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Bronner Offers Ideas on How to Move Alabama Forward

February 3, 2016

By Bill Britt
Alabama Political Reporter

MONTGOMERY—Recently, the Alabama Political Reporter sat down with Dr. David Bronner, the long-serving head of RSA. “One of the stories I like to tell was an old Birmingham News story that asked, ‘What if we treated Alabama’s football team like we do everything else,’” recalled Bronner. “First of all, Coach Saban wouldn’t be there. Second of all, you would have no practice facility. Third of all, you’d have old equipment. Fourth of all, there’s no way with all that we’d be number one.”
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Greer: State Intends to Guarantee Retirees Will Get What Was Promised

November 20, 2015

By Brandon Moseley
Alabama Political Reporter

On Thursday, November 19, State Representative Lynn Greer (R-Rogersville) said that the Committee that is looking at reforming the retirement system intends to guarantee the benefits that state employees were promised.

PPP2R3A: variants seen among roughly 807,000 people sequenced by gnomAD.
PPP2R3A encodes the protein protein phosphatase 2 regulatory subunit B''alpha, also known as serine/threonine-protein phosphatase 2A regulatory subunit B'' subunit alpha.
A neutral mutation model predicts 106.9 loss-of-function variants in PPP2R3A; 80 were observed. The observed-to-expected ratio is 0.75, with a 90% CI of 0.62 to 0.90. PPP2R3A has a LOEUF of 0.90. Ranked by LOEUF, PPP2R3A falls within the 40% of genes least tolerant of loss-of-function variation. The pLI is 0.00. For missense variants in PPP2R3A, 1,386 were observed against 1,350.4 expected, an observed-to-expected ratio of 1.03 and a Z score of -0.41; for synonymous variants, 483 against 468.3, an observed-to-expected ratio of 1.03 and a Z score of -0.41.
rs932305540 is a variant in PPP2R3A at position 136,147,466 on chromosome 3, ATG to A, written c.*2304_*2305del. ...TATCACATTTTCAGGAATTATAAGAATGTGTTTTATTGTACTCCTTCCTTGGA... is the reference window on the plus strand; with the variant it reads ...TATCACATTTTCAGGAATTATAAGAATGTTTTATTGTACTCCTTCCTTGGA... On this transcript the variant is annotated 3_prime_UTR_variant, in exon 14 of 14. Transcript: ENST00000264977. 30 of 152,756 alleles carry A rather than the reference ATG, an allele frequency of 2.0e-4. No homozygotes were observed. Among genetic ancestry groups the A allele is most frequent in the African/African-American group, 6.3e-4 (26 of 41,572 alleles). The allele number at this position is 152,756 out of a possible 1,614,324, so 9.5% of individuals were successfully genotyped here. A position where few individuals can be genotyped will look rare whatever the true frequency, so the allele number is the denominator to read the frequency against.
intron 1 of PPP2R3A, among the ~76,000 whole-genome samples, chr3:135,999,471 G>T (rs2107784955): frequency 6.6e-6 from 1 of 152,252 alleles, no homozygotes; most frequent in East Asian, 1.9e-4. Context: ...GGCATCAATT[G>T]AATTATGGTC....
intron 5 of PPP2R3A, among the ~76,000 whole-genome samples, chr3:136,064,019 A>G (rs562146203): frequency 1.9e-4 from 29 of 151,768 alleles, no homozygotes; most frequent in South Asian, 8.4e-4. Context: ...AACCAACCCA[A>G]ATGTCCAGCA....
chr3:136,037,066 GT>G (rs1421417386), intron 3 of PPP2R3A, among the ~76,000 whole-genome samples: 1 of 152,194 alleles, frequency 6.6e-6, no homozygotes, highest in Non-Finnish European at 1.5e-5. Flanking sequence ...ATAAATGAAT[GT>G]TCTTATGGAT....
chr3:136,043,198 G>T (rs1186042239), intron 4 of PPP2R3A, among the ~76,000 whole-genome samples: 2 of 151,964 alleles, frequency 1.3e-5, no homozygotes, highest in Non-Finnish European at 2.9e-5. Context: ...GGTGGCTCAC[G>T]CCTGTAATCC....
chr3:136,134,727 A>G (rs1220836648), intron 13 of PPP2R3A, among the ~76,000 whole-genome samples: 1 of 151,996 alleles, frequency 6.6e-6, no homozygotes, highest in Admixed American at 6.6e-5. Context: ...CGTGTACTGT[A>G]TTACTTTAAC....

Representative Greer said in a statement, “During our November meeting, the Pension Committee unanimously passed a resolution that was signed by Senator Orr and me stating that the intent of the committee was to guarantee every retiree on the state pension plan and everyone still paying into the plan today would receive what they have been promised. No one has ever mentioned taking money from the pension plan and funding the two state budgets. We have been doing just the opposite, taking money from the two budgets that could be used for other purposes, including pay raises, and trying to help the pension plan become more financially sound.”